FSC Schedule and Events
October 2: Faculty Spotlight, Mark Koschmann [LTC, noon]
October 17: Convocation/Bartling Lecture, Jaylani Hussein [Buetow, 10:30-11:25]
October 26: Quasi-Endowment Grant Applications due [midnight]
November 6: Faculty Spotlight, Erin Simunds [LTC, noon]
December 4: Faculty Spotlight, Amanda Brosnahan and Taylor Mach [LTC, noon]
weekly/ongoing: Monday Morning Mentor [delivered via email to your in-box]
Quasi-Endowment Grant Applications: Applications for the fall semester Faculty Development Quasi-Endowment grant program are due on Friday, October 26 at midnight. Applications must be submitted to David Woodard (woodard@csp,.edu) and to the Office of Academic Affairs (cc: Kathy Haeg firstname.lastname@example.org) by the deadline. Any supporting documentation should be submitted electronically with your application, or in hardcopy, if necessary, to the office of the VPAA. For additional details see the Faculty Scholarship Center webpage: http://concordia.csp.edu/facultyscholarshipcenter/
And if you want a few ideas on the types of applications that have been funded in the past, take a look at our Quasi-Grant reports from the past few years.
Convocation/Bartling Lecture, Jaylani Hussein: Wednesday, Oct 17 @ 10:30-11:25 [Buetow] Jaylani Hussein is currently the executive director of the Minnesota chapter of the Council on American-Islamic Relations (CAIR-MN). Hussein worked as the Community Liaison Officer at Metro State University and as a Planner for the Minnesota Department of Agriculture. In 2013, he created Zeila Consultants to develop and offer cross-cultural training workshops on East African cultures. Hussein has presented on the Somali Culture to diverse public and private organizations across the US. He specializes in the areas of urban planning, community development, youth development (with over 8 years experience in working in juvenile treatment centers for court adjudicated youth), legal and civil rights.
Hussein has been active with various community organizations in Minnesota, including the Islamic Cultural Center of Minnesota Board of Directors, Wilder Foundation Advisory Board, Muslim Youth of Minnesota Advisory Board, Islamic Resource Group Speakers Bureau, and ARAHA Board of Directors. He has traveled to the Horn of Africa twice on behalf of ARAHA, to open a regional field office and oversee large-scale humanitarian projects during the Somali Famine of 2011. Hussein received the 2015 the Minnesota Council of Nonprofits (MCN) annual “Visionary Leader” Award. Hussein received the Immigrant of Distinction Award from the Minnesota/Dakotas Chapter of the American Immigration Lawyers Association (AILA). He was also named the 2016 Ten Outstanding Young Minnesotans by JCI. In 2016, Hussein was appointed to the Minnesota Governor’s Council on Law Enforcement and Community Relations. He received the 2017 Twin Cities International Citizen Awards for Social Justice. In 2018, Jaylani was named by Minneapolis/St. Paul Business Journal’s 2018 40 Under 40 list of among the emerging business and community leaders. Hussein’s family emigrated from Somalia to Minnesota in 1993 and he is trilingual (English, Somali, Arabic). Hussein holds degrees in Community Development and City Planning from St. Cloud State University and Political Science from North Dakota State University.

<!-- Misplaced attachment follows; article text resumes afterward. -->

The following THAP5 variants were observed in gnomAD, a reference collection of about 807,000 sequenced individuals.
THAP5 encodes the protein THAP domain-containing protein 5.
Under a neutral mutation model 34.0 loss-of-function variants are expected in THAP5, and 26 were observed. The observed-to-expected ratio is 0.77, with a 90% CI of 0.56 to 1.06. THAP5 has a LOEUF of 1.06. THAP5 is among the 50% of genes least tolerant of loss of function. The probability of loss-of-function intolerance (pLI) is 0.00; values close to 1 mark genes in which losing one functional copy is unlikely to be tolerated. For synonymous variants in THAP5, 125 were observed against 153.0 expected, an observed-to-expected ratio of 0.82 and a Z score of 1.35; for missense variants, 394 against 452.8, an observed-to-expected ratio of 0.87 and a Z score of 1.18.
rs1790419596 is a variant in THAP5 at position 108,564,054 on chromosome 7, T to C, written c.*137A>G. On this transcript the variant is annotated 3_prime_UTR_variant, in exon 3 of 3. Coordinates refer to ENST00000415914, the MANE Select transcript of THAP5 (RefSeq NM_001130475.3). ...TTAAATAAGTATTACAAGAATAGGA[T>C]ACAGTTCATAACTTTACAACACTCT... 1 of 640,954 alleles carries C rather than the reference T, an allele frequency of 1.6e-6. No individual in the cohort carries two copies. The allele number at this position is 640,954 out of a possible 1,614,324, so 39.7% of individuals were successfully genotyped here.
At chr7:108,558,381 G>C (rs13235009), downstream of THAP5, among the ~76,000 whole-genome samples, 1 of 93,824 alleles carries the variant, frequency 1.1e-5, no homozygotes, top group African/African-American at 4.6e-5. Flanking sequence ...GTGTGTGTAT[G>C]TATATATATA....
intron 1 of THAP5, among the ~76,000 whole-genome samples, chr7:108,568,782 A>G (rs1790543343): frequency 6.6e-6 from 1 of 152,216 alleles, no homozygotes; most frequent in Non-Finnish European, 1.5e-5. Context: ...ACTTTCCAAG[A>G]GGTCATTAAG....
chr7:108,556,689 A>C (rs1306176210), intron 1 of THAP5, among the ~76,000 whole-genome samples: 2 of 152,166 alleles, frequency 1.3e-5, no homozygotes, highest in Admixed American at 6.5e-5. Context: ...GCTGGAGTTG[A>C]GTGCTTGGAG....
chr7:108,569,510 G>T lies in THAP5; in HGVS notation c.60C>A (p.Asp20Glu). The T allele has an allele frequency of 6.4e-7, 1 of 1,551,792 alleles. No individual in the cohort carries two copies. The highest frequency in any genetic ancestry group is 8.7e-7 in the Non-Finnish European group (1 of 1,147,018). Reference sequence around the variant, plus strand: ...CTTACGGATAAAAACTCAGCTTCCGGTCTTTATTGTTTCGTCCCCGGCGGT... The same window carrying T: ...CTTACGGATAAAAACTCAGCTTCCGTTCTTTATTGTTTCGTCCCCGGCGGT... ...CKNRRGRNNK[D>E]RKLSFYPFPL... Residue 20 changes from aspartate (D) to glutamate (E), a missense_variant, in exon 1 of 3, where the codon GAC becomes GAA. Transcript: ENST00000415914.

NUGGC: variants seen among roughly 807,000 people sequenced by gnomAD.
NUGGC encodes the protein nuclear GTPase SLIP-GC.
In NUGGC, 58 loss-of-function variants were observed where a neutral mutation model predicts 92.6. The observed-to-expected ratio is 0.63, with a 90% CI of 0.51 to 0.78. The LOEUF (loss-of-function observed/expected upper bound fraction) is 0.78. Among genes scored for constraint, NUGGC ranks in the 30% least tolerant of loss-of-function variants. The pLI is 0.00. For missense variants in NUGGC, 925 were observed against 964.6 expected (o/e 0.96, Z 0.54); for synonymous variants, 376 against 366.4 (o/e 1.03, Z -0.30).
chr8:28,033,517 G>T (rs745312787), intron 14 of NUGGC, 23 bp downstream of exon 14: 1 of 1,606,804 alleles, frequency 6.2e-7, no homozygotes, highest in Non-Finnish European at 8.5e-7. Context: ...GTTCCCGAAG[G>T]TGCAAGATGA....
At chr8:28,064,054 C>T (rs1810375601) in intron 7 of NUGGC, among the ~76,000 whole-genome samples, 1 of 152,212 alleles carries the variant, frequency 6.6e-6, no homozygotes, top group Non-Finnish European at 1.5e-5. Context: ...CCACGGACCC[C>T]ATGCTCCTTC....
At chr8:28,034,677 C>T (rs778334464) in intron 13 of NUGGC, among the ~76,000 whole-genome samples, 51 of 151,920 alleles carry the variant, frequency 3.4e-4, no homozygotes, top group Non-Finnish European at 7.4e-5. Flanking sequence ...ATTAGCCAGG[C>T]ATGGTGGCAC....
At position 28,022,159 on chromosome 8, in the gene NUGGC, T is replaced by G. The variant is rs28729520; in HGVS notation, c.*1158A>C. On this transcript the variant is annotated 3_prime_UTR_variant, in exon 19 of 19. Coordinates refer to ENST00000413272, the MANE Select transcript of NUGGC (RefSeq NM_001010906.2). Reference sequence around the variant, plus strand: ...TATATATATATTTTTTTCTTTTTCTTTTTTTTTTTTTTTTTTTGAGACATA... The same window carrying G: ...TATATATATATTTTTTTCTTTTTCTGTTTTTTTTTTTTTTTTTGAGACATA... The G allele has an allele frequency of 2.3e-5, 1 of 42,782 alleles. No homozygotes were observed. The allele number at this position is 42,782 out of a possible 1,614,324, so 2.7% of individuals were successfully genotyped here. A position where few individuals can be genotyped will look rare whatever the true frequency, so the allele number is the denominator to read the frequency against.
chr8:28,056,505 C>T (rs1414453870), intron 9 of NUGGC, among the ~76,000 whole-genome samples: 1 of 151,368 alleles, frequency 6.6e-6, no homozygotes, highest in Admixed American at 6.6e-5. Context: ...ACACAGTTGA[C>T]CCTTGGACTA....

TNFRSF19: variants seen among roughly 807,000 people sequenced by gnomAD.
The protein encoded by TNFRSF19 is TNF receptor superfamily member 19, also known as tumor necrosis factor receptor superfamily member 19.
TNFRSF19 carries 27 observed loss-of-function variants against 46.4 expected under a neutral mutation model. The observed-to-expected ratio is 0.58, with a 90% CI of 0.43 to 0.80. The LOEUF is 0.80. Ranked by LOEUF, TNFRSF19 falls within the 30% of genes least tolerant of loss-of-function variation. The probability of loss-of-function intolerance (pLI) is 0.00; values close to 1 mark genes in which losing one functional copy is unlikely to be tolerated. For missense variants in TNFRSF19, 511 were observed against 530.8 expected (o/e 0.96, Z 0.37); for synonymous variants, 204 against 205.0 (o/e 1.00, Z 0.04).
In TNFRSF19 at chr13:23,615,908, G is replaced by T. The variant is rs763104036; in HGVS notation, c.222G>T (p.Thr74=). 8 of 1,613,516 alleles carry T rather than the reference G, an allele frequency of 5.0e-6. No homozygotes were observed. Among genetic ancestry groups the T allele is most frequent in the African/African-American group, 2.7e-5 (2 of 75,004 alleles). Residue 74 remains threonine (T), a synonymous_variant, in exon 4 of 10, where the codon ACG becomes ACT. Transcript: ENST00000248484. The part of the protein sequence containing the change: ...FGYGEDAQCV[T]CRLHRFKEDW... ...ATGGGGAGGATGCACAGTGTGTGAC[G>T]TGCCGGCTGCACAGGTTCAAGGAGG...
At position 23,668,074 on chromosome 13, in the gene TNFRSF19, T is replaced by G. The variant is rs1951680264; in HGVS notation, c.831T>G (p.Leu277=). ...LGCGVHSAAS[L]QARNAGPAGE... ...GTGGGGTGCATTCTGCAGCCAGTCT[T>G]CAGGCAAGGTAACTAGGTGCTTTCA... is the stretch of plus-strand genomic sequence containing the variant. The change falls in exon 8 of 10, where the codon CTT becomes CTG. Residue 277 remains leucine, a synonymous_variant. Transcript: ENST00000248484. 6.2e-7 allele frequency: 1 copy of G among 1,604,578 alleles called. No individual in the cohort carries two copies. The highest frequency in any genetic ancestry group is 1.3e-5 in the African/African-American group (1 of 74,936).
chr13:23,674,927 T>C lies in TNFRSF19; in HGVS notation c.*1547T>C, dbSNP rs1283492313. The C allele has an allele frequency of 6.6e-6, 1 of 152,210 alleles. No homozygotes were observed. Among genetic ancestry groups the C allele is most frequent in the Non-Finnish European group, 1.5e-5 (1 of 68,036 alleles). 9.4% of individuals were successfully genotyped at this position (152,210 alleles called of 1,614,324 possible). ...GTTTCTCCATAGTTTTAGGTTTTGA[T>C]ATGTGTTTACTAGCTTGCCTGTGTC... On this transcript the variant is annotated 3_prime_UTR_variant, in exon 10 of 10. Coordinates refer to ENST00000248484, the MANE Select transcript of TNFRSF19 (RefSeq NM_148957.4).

Faculty Spotlight (Oct 2), Dr. Mark Koschmann will speak at our October F-Spot: Tuesday, Oct 2 @ noon [LTC]
Finding Their Footing in the Changing City: Congregations Adapt to the New Urban Environment in Post-World War II Era. Dr. Mark Koschmann, Assistant Professor of Theology and the Fiechtner Chair in Christian Outreach, will share about his doctoral research on Protestants and Catholics in the mid-twentieth century as they reformed theological, liturgical, institutional, charitable, and political aspects of their religion to meet the demands of post-World War II urban America. While many historians have described the decline and closure of urban churches in the postwar era, Koschmann shows that Protestants and Catholics did not all abandon the city. Building on his archival and oral research of Protestant and Catholic congregations in Chicago, Koschmann examines the nexus of choices available to religious institutions in Chicago’s Near West Side neighborhood. Often, the choices – to leave, close, merge, expand, or shift – produced conflict within congregations. Yet, the central narratives of these congregations illustrate how these white, African American, and Latino/a Protestants and Catholics reached beyond their church walls to enact a specific set of beliefs about what constitutes Christian engagement with the world.
Faculty Spotlight (November 6), Erin Simunds will speak at our November F-Spot: Tuesday, November 6 @ noon [LTC]
Faculty Spotlight (December 4), Amanda Brosnahan and Taylor Mach will speak at our December F-Spot: Tuesday, December 4 @ noon [LTC]
Monday Morning Mentor: The Monday Morning Mentor program was so successful last year that we renewed our subscription for the 2018-2019 academic year. The Monday Morning Mentor is delivered straight to your inbox every…….. (you guessed it) Monday morning.